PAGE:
Prime Minister Benjamin Netanyahu said he planned to create the first totally new West Bank settlement in 25 years on Thursday
“I had promised from the start that I would create a new settlement. It seems to me that I made that commitment in December and I will keep it today. There were will be more details about this in a few hours,” Netanyahu told reporters before meeting with the president of Slovakia.
He spoke in advance of a security cabinet meeting later in the day, that is scheduled to discuss settlement activity and the ongoing discussion with the Trump administration over Jewish building in the West Bank.
Netanyahu had promised the 40 Amona families that he would formally authorize a new settlement for them by March 31, through a cabinet or government vote.
Israel will cut $2 million from money it has allocated to the UN and give it instead to programs in developing nations that support it in international organizations, the Foreign Ministry announced on Wednesday.
The ministry issued a statement saying that Prime Minister Benjamin Netanyahu directed it to slash the $2m. to the United Nations as a result of the anti-Israel resolutions passed last week in the UN Human Rights Council.
This cut is in addition to the $6m. that Jerusalem slashed in January in the aftermath of the passage of anti-settlement Resolution 2334 in the UN Security Council. Following these cuts, Israel will contribute only $3.7m. this year to the UN, instead of the $10.7m. that was originally earmarked.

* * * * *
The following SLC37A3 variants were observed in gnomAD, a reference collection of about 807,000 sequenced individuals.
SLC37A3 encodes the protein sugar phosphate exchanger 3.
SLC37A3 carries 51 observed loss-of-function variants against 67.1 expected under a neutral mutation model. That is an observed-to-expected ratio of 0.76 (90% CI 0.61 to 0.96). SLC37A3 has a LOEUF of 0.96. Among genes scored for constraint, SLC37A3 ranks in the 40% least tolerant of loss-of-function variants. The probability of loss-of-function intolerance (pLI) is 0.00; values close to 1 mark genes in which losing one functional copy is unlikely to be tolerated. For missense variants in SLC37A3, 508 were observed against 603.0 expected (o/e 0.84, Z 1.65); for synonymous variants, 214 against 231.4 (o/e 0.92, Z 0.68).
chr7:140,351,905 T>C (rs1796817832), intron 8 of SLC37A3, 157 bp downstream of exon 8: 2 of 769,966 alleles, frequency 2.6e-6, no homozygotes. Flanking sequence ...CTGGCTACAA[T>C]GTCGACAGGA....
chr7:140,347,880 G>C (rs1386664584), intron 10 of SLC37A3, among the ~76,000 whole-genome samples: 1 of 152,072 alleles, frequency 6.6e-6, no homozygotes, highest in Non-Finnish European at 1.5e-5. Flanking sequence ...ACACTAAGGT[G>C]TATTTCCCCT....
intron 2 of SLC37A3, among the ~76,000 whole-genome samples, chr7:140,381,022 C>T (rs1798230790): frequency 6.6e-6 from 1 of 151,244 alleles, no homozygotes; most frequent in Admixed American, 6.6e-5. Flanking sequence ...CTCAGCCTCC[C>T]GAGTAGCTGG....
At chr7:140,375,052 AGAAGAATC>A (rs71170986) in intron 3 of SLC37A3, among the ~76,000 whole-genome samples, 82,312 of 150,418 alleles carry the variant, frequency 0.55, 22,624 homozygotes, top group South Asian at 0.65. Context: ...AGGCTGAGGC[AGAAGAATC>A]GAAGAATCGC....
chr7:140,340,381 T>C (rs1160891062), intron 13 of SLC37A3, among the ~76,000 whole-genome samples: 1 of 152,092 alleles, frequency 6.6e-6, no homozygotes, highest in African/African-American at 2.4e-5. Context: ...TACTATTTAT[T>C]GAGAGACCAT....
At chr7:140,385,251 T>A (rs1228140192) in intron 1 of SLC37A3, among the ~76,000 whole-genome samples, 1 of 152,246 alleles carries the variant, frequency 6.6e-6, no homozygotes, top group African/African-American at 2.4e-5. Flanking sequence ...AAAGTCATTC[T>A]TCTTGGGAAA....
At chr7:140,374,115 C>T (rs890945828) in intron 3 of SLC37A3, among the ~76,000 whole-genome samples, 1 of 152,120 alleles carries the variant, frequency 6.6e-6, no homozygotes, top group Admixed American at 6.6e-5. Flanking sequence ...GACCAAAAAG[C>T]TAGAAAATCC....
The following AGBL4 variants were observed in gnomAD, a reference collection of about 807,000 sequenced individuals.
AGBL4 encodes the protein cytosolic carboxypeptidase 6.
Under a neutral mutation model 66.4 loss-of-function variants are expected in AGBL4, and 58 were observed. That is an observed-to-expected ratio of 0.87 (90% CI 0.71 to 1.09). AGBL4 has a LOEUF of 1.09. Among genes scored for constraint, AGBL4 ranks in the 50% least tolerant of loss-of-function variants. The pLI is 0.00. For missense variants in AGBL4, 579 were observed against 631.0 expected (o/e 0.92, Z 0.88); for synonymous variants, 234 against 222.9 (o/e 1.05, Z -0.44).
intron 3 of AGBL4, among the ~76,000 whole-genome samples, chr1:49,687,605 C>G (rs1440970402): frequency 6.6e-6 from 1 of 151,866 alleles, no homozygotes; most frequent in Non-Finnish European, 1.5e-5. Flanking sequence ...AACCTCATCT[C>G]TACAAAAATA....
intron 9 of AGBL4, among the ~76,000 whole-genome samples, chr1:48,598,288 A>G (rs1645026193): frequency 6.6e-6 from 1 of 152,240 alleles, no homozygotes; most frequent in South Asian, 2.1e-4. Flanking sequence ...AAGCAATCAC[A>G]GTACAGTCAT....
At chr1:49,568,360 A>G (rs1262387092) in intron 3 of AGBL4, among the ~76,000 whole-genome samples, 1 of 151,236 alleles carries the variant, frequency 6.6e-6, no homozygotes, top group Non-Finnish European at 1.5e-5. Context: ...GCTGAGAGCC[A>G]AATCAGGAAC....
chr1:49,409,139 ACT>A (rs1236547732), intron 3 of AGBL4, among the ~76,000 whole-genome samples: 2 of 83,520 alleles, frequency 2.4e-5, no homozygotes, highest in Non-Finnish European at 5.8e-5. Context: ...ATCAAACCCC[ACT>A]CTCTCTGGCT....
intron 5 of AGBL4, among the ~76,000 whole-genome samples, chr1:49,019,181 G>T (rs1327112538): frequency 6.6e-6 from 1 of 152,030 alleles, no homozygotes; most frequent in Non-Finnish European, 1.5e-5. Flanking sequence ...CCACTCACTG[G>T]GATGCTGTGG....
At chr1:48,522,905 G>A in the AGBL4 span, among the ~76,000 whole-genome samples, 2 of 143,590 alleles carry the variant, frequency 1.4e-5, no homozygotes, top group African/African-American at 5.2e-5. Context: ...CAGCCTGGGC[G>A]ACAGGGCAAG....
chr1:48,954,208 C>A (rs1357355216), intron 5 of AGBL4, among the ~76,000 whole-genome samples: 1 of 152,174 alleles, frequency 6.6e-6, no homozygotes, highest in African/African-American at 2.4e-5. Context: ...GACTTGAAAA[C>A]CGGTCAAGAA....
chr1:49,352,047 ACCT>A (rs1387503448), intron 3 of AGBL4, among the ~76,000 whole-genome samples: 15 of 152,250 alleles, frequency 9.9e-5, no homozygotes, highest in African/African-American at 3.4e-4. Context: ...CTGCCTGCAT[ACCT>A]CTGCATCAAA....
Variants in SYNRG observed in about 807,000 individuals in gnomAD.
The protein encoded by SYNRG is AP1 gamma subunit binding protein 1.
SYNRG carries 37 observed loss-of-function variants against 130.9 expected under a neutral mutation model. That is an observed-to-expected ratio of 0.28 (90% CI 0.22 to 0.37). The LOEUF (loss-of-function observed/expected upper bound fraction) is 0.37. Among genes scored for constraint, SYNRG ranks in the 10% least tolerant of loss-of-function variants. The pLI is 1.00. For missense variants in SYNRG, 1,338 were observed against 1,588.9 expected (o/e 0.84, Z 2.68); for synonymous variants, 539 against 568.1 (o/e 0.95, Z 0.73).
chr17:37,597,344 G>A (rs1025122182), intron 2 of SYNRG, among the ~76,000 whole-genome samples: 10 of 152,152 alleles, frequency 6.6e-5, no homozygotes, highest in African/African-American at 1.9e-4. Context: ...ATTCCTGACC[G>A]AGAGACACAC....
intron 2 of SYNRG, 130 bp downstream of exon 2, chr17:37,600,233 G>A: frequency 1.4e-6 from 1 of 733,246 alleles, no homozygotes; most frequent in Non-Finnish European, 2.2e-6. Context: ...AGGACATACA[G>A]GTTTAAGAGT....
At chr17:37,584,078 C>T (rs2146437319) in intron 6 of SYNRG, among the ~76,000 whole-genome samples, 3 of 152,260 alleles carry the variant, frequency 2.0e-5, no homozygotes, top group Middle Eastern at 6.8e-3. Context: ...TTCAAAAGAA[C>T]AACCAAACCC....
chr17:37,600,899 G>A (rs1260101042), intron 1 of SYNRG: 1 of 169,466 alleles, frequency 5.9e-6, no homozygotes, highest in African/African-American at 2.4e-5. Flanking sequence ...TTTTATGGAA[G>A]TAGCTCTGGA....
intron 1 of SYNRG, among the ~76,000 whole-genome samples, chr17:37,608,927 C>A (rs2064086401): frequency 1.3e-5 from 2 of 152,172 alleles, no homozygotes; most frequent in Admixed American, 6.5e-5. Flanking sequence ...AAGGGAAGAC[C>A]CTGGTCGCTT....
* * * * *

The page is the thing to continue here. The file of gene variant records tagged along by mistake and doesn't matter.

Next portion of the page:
The ministry said that this decision is part of an Israeli campaign – along with its friends, first and foremost the US – to change the “obsessive bias against Israel at the UN and in its agencies.”
JPost Editorial: AIPAC lessons
Among recent Pew Research Institute studies, one found that, while Israeli Jews are skeptical that they can peacefully coexist with an independent Palestinian state, most American Jews are optimistic that a two-state solution is possible. On settlement building, for example, while the prevailing view among Israeli Jews is that they enhance Israel’s security, American Jews are more likely to say the opposite.
Another difference dividing the two communities is how each perceives the biggest problem facing Israel – a perception that defies the common wisdom. Pew found that roughly equal ratios of Israeli Jews cite economic issues (39%) and security (38%) as the biggest long-term challenges to the country. However, only 1% of US Jews cite the economy, while 66% of American Jews think it’s security.
A more distressing finding is that, while similar numbers of Republicans and Democrats have sympathized more with Israel than with the Palestinians ever since the late 1970s, today 74% of Republicans sympathize more with Israel, compared to only 33% of Democrats.
Even worse: For the first time Democrats are now almost equally split between sympathizing more with Israel (33%) and with the Palestinians (31%).
Pew ominously also reported that “While conservative Republicans favored Israel by a 44-point margin in 2001, the margin is now 70 points. And while liberal Democrats favored Israel by 30 points at the turn of the century, they now favor the Palestinians by 12 points.
American partisan politics are traditionally supposed to “stop at the water’s edge” with regard to Israel.
This year’s AIPAC conference indeed brought out bipartisan support, featuring cheerleading speeches by House Speaker Paul Ryan, Pelosi, Senate Majority Leader Mitch McConnell and Minority Leader Sen. Chuck Schumer. But it is now Israel’s time to decide, while we still have bipartisan support in the US, on a policy that shows the world where we want to go as a government and a state.